No Direct sexual orientation discrimination for refusing to make “gay cake”
In a recent case (Lee v Ashers Baking Co Limited and others )the Supreme Court held that a Christian bakery did not commit direct sexual orientation discrimination in the provision of goods and services when it refused to fulfil a cake order with a message in support of same sex marriage.
Mr Lee, a gay man, placed an order with bakery chain Ashers Baking. He requested a cake design with the phrase “support gay marriage.” The bakery’s directors are devout Christians who oppose the introduction of same sex marriage. Mr Lee was informed that the company could not fulfil the order because of the directors ’ religious belief.
Mr Lee brought a successful civil claim in the county court for discrimination in the provision of goods and services. The bakery appealed unsuccessfully to the Court of Appeal. The bakery appealed to the Supreme Court.
The Decision of the Supreme Court
The Supreme Court assessed whether there had been discrimination on the grounds of either sexual orientation or political belief (ground for discrimination in Northern Ireland but not the rest of the UK).
The Supreme Courts’ decision focused on three areas:
The first was whether there was discrimination on the ground of sexual orientation. It held that the refusal was not based on the sexual orientation of the customer but rather due to an objection to the message. It found that any customer of any sexual orientation who made the request would have been given the same response.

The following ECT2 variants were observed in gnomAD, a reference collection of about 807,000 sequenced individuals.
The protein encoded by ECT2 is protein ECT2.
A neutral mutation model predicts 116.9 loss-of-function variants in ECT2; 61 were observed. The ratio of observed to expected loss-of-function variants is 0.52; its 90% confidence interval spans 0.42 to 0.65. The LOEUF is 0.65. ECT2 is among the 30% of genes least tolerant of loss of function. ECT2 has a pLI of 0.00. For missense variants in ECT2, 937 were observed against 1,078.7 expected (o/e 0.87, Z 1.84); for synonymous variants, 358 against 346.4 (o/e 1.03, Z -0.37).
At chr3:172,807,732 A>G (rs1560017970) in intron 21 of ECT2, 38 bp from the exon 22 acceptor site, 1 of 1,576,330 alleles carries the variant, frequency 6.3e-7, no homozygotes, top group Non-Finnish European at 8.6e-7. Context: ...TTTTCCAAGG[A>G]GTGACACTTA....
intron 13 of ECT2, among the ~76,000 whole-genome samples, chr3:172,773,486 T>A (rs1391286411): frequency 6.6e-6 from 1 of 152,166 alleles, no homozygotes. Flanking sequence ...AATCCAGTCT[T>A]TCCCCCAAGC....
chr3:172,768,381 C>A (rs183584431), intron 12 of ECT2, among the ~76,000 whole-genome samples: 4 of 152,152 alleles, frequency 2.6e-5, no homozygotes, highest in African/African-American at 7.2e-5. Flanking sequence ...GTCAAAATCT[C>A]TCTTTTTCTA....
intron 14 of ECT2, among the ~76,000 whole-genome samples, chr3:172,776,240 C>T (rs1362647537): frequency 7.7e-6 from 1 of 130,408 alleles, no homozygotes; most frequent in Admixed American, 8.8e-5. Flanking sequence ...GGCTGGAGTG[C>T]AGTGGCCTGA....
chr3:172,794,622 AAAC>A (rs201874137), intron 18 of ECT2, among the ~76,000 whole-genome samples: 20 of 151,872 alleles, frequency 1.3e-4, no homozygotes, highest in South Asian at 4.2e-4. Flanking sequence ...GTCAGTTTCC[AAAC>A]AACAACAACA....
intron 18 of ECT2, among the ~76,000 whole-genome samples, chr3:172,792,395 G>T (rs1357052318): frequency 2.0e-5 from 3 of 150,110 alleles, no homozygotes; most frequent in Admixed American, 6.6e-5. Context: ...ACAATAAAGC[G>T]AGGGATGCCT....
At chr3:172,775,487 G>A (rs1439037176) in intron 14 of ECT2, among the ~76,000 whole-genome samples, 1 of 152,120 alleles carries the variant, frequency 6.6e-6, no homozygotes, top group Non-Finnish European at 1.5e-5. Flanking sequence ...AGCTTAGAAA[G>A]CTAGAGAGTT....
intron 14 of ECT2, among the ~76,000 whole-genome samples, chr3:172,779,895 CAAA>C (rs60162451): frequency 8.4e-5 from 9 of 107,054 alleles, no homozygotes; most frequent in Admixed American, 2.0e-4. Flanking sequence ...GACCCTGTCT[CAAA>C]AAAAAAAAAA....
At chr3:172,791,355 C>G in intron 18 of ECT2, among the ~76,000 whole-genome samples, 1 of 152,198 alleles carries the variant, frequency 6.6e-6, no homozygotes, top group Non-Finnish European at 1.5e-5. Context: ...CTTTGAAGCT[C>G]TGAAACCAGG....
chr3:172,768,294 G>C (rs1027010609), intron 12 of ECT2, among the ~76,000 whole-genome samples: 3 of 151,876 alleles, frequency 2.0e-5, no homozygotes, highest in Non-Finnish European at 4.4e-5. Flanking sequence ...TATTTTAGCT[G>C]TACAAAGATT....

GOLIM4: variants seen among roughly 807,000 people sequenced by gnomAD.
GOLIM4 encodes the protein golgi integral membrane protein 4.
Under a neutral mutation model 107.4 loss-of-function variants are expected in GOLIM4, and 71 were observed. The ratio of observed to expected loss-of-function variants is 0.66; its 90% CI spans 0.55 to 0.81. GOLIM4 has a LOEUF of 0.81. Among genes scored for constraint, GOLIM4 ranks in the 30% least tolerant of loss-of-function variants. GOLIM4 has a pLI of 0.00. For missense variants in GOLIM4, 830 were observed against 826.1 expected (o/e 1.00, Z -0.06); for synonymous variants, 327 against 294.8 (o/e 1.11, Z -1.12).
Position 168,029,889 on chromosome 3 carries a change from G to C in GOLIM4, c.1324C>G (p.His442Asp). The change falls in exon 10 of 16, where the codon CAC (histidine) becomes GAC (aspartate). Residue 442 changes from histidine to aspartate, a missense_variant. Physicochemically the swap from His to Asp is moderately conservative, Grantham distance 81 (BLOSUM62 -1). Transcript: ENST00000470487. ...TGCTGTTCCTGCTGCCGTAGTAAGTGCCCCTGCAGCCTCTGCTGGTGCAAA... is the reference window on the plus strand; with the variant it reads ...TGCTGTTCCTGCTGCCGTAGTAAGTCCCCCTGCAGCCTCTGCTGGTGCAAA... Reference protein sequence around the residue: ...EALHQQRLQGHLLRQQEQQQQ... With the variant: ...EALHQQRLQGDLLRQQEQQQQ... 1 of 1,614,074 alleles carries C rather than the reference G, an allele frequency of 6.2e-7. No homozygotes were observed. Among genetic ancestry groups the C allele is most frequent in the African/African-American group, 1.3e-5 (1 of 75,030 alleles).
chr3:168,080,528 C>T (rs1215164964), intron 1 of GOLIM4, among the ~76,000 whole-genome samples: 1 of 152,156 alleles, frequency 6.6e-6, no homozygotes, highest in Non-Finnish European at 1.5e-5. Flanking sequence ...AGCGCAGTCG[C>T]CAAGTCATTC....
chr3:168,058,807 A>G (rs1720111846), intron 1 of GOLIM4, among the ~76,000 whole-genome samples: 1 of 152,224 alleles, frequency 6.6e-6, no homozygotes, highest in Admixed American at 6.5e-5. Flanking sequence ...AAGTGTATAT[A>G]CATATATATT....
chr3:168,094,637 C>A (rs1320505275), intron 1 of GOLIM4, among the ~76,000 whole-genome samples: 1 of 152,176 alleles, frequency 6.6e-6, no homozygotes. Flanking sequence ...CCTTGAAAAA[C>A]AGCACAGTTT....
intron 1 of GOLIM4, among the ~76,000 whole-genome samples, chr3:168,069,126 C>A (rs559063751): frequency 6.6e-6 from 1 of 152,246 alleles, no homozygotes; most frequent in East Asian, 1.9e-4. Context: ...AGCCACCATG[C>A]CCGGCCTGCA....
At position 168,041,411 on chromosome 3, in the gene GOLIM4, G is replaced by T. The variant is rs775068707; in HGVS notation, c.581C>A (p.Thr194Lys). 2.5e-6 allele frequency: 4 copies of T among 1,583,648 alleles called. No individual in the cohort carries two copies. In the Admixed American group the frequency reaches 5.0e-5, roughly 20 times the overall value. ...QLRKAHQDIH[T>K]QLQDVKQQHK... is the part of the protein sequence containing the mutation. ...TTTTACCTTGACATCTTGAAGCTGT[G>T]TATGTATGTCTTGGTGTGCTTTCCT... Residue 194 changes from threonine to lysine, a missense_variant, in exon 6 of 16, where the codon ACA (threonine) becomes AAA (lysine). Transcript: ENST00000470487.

The second area was the Northern Irish courts decision that there had been associative discrimination which the Supreme Court disagreed with on the ground that it was not enough the customer was likely to associate with the gay community, association with the concept of a protected characteristic is not protected.
The final area was whether there had been discrimination on ground of political view. While it could be assumed that the view requested to be on the cake reflected that of the customer the Supreme Court relied heavily on the Art 9 and 10 of the European Convention on Human Rights when finding that an infringement of religious expression could not be justified by the request to supply a cake which promoted a message the bakers deeply disagreed with. Further it was not the political opinion of the customer which the bakers objected, but baking a cake which promoted an opinion they objected to.
What does this mean for employers?
This judgement does not mean that employers and service providers can discriminate on the ground of sexual orientation but that fundamentally the discrimination framework is there to protect people rather than opinions. This case is focused around a fundamental issue of balancing freedom to express religion and the right not to be discriminated based on sexual orientation. It is important that employers get this balance right to avoid potential action against them.
The decision of the Supreme Court suggests that there may be narrow circumstances in which an individual can object to providing a service where he or she believes that to do so is contrary to his or her beliefs.
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